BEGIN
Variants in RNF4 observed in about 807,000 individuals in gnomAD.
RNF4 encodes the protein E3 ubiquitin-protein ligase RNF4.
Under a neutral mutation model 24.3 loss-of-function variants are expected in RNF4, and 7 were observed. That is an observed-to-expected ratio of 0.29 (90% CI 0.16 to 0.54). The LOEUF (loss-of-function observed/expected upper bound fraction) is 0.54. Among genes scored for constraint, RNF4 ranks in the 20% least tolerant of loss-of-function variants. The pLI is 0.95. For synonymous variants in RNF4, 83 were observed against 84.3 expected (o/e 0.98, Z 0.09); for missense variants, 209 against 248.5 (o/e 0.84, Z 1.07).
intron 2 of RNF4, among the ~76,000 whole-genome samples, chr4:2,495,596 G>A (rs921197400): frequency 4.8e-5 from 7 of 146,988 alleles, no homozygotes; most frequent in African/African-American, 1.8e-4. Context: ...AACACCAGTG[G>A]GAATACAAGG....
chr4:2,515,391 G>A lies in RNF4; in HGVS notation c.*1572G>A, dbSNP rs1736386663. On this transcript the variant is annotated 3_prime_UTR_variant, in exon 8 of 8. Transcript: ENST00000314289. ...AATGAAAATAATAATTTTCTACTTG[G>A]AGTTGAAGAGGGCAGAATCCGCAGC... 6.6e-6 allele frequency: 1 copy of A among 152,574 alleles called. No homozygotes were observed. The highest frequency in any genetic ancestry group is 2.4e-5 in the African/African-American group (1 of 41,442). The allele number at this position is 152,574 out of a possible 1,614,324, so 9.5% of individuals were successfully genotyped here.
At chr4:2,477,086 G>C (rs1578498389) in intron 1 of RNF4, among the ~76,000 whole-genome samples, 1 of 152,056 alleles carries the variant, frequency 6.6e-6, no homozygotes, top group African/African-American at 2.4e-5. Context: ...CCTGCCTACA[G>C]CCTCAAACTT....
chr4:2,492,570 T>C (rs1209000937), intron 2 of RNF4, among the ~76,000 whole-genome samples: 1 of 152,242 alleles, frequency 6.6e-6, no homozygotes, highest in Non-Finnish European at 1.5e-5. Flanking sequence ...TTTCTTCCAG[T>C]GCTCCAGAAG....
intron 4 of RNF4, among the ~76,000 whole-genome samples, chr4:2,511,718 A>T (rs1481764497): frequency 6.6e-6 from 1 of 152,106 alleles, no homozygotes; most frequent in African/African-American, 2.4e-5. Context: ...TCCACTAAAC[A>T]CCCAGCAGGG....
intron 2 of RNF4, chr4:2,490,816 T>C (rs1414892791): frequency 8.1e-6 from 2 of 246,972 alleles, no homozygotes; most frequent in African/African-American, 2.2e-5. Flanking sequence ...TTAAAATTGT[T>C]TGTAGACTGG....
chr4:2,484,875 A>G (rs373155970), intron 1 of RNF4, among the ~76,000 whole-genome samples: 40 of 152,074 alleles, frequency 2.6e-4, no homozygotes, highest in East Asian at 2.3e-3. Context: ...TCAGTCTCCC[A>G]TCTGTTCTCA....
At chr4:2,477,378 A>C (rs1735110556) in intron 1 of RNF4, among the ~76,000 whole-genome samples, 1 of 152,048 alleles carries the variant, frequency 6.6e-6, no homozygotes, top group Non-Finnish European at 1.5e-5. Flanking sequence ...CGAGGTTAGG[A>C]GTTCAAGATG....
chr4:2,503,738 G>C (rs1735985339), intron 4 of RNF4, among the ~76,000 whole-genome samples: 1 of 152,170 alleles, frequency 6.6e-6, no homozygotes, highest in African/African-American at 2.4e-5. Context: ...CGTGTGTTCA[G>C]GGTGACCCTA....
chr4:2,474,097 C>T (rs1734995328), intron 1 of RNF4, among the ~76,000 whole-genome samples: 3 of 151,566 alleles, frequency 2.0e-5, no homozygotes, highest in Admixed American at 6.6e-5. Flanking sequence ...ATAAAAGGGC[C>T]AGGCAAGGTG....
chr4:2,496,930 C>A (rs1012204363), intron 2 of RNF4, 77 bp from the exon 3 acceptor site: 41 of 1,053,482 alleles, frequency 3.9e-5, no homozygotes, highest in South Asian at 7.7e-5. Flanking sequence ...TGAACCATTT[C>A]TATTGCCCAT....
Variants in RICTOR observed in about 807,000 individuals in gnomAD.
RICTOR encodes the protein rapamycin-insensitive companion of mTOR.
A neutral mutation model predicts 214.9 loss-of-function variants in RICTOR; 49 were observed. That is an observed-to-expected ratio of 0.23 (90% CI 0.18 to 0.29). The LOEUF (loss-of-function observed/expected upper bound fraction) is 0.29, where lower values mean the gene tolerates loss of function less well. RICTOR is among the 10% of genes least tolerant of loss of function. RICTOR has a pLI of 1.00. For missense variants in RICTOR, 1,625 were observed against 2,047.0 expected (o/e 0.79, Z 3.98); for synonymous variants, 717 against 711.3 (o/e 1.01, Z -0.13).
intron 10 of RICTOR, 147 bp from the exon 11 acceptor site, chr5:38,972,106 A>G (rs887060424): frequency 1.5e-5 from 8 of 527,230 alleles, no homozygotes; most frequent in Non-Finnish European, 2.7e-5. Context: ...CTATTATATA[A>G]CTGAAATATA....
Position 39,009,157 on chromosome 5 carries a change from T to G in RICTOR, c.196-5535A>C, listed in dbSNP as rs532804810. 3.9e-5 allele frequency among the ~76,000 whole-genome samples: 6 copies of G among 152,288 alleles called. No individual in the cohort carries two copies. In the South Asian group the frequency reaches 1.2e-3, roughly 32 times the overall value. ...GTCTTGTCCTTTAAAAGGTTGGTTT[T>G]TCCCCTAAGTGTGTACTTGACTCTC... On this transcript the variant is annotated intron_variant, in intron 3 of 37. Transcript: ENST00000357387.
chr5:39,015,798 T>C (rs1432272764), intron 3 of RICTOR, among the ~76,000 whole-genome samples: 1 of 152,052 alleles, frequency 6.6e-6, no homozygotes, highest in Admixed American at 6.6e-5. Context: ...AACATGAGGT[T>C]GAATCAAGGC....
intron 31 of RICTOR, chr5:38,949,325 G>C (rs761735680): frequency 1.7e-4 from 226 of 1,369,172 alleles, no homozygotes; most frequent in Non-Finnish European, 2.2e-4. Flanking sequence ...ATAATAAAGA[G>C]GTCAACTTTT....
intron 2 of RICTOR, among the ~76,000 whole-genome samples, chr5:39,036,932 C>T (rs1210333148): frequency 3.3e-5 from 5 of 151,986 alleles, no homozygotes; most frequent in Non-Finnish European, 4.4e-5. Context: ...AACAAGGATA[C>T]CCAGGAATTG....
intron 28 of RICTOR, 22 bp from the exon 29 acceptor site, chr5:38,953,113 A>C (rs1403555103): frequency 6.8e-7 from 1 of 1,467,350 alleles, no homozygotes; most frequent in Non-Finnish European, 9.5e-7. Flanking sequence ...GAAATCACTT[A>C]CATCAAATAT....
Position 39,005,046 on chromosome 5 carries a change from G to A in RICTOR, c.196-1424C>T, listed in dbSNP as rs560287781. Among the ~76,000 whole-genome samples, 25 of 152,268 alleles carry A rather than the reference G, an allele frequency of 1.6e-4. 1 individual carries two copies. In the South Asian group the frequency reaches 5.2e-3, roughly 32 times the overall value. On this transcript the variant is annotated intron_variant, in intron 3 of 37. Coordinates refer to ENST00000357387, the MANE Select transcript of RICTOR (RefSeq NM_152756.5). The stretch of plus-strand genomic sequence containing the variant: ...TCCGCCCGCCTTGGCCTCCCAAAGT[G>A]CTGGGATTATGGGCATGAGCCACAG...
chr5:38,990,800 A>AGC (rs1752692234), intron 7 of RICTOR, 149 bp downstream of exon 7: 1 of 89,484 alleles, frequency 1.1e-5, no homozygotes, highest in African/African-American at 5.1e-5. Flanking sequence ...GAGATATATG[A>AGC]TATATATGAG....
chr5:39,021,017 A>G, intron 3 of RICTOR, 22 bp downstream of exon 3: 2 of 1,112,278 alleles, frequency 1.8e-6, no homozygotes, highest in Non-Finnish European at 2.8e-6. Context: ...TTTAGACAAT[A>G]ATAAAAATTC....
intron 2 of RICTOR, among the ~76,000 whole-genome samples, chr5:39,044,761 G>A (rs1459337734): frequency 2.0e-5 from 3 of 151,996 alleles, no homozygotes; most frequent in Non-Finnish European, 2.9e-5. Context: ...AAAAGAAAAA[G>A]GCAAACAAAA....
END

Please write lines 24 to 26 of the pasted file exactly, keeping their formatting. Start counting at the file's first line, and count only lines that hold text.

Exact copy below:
Position 39,005,046 on chromosome 5 carries a change from G to A in RICTOR, c.196-1424C>T, listed in dbSNP as rs560287781. Among the ~76,000 whole-genome samples, 25 of 152,268 alleles carry A rather than the reference G, an allele frequency of 1.6e-4. 1 individual carries two copies. In the South Asian group the frequency reaches 5.2e-3, roughly 32 times the overall value. On this transcript the variant is annotated intron_variant, in intron 3 of 37. Coordinates refer to ENST00000357387, the MANE Select transcript of RICTOR (RefSeq NM_152756.5). The stretch of plus-strand genomic sequence containing the variant: ...TCCGCCCGCCTTGGCCTCCCAAAGT[G>A]CTGGGATTATGGGCATGAGCCACAG...
chr5:38,990,800 A>AGC (rs1752692234), intron 7 of RICTOR, 149 bp downstream of exon 7: 1 of 89,484 alleles, frequency 1.1e-5, no homozygotes, highest in African/African-American at 5.1e-5. Flanking sequence ...GAGATATATG[A>AGC]TATATATGAG....
chr5:39,021,017 A>G, intron 3 of RICTOR, 22 bp downstream of exon 3: 2 of 1,112,278 alleles, frequency 1.8e-6, no homozygotes, highest in Non-Finnish European at 2.8e-6. Context: ...TTTAGACAAT[A>G]ATAAAAATTC....